(An internal locus of control equates to being and feeling at cause and an external locus of control equates to being and feeling at effect of others, often consciously felt to be "fate." Too much controlling by parents not only feels like being at effect, the kids are at effect—of parental power. Only autonomy will empower BEING at cause. All this is Maslow's "being" psychology, and so is: "Encouragement of autonomy supports internal locus of control, and . . . support and warmth provide children with a sense of security which let them explore their environment, and as a consequence by offering them more opportunities to learn associations between their behaviors and outcomes, internal locus of control can be developed and generalized." [Source: Carton, J. S., & Nowicki, S.J.R. (1994). "Antecedents of individual differences in locus of control of reinforcement: A critical review." Genetic, Social, and General Psychology Monographs, 120, 31-81.])

Authoritative parenting has been shown to be the best parenting style for encouraging autonomy, success, social skills, and an internal locus of control, since kid power is encouraged and empowered while parent power is not used to control kids, but to show good examples to emulate. On the other hand, when kids are controlled by parents in order to get obedience and compliance, as with the authoritarian parenting method Love and Logic, kids tend to get an external locus of control in which they not only feel at effect but begin to feel helpless and like the actions they perform are irrelevant and seem to be controlled by "fate" (in truth, fate is "parents" in disguise).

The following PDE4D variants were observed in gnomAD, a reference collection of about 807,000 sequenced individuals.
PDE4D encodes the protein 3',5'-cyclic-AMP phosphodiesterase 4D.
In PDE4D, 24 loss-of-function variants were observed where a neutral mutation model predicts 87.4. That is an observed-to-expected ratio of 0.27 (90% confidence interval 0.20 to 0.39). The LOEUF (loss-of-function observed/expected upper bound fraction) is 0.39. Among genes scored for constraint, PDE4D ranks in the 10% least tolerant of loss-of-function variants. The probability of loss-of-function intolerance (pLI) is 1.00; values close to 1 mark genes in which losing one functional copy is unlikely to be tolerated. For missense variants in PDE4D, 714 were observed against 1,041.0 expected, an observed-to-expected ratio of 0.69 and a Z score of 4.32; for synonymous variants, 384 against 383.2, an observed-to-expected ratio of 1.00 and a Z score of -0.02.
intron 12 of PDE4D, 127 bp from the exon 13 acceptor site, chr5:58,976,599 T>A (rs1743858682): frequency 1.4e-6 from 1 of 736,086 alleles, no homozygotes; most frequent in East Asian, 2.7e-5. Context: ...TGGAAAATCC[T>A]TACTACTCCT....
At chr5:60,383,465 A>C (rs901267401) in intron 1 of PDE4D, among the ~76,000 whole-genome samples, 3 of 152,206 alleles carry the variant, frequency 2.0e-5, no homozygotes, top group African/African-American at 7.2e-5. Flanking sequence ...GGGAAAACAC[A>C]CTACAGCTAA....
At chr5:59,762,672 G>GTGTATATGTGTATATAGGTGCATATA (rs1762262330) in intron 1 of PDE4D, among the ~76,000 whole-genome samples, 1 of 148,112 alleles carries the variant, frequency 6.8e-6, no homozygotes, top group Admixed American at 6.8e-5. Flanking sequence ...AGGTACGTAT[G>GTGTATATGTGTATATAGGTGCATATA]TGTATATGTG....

The goal of Love and Logic discipline is to get kids to obey. Oops. Perhaps parents that want creatures to obey them should purchase dogs and train them well as opposed to having children.

Perhaps parents that want creatures to obey them should purchase dogs and train them well as opposed to having children
Perhaps parents that want creatures to obey them should purchase dogs and train them well as opposed to having children